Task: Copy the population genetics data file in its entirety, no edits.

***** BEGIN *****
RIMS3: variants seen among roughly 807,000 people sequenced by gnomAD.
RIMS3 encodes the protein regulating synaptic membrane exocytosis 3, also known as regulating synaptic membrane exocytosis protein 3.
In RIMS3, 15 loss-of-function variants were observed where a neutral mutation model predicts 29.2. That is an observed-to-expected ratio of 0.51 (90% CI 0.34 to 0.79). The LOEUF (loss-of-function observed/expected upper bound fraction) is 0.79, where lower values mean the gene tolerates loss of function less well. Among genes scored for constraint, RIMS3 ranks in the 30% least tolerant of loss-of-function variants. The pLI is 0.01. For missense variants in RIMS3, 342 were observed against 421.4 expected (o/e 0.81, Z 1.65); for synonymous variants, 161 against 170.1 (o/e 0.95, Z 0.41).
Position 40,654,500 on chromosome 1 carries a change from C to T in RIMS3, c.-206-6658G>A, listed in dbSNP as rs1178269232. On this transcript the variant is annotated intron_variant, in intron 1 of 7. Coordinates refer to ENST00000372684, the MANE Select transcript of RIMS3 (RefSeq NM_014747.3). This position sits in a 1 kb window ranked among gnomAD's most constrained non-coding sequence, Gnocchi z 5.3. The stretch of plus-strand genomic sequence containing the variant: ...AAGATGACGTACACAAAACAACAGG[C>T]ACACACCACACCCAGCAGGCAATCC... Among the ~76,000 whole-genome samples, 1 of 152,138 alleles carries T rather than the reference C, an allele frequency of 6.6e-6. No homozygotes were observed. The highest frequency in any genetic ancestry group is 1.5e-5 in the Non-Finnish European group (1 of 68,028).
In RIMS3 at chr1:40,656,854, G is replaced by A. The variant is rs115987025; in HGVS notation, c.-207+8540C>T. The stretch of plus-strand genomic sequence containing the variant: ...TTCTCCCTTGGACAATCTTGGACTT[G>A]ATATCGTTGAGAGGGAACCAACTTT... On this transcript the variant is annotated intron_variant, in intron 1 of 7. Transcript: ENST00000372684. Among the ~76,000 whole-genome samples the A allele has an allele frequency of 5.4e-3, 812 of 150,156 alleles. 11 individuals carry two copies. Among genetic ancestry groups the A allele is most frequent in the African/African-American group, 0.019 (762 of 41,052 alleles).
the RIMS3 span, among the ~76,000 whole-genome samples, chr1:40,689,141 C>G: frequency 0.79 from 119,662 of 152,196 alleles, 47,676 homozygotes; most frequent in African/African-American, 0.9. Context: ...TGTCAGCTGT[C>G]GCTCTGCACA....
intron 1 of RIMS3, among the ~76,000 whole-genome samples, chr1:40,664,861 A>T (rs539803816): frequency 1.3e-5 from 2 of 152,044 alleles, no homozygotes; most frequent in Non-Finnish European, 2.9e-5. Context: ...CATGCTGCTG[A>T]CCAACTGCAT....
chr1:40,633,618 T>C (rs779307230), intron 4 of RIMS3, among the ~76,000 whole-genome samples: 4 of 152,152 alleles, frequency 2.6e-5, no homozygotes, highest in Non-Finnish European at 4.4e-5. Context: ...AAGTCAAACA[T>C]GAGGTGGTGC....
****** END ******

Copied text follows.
RIMS3: variants seen among roughly 807,000 people sequenced by gnomAD.
RIMS3 encodes the protein regulating synaptic membrane exocytosis 3, also known as regulating synaptic membrane exocytosis protein 3.
In RIMS3, 15 loss-of-function variants were observed where a neutral mutation model predicts 29.2. That is an observed-to-expected ratio of 0.51 (90% CI 0.34 to 0.79). The LOEUF (loss-of-function observed/expected upper bound fraction) is 0.79, where lower values mean the gene tolerates loss of function less well. Among genes scored for constraint, RIMS3 ranks in the 30% least tolerant of loss-of-function variants. The pLI is 0.01. For missense variants in RIMS3, 342 were observed against 421.4 expected (o/e 0.81, Z 1.65); for synonymous variants, 161 against 170.1 (o/e 0.95, Z 0.41).
Position 40,654,500 on chromosome 1 carries a change from C to T in RIMS3, c.-206-6658G>A, listed in dbSNP as rs1178269232. On this transcript the variant is annotated intron_variant, in intron 1 of 7. Coordinates refer to ENST00000372684, the MANE Select transcript of RIMS3 (RefSeq NM_014747.3). This position sits in a 1 kb window ranked among gnomAD's most constrained non-coding sequence, Gnocchi z 5.3. The stretch of plus-strand genomic sequence containing the variant: ...AAGATGACGTACACAAAACAACAGG[C>T]ACACACCACACCCAGCAGGCAATCC... Among the ~76,000 whole-genome samples, 1 of 152,138 alleles carries T rather than the reference C, an allele frequency of 6.6e-6. No homozygotes were observed. The highest frequency in any genetic ancestry group is 1.5e-5 in the Non-Finnish European group (1 of 68,028).
In RIMS3 at chr1:40,656,854, G is replaced by A. The variant is rs115987025; in HGVS notation, c.-207+8540C>T. The stretch of plus-strand genomic sequence containing the variant: ...TTCTCCCTTGGACAATCTTGGACTT[G>A]ATATCGTTGAGAGGGAACCAACTTT... On this transcript the variant is annotated intron_variant, in intron 1 of 7. Transcript: ENST00000372684. Among the ~76,000 whole-genome samples the A allele has an allele frequency of 5.4e-3, 812 of 150,156 alleles. 11 individuals carry two copies. Among genetic ancestry groups the A allele is most frequent in the African/African-American group, 0.019 (762 of 41,052 alleles).
the RIMS3 span, among the ~76,000 whole-genome samples, chr1:40,689,141 C>G: frequency 0.79 from 119,662 of 152,196 alleles, 47,676 homozygotes; most frequent in African/African-American, 0.9. Context: ...TGTCAGCTGT[C>G]GCTCTGCACA....
intron 1 of RIMS3, among the ~76,000 whole-genome samples, chr1:40,664,861 A>T (rs539803816): frequency 1.3e-5 from 2 of 152,044 alleles, no homozygotes; most frequent in Non-Finnish European, 2.9e-5. Context: ...CATGCTGCTG[A>T]CCAACTGCAT....
chr1:40,633,618 T>C (rs779307230), intron 4 of RIMS3, among the ~76,000 whole-genome samples: 4 of 152,152 alleles, frequency 2.6e-5, no homozygotes, highest in Non-Finnish European at 4.4e-5. Context: ...AAGTCAAACA[T>C]GAGGTGGTGC....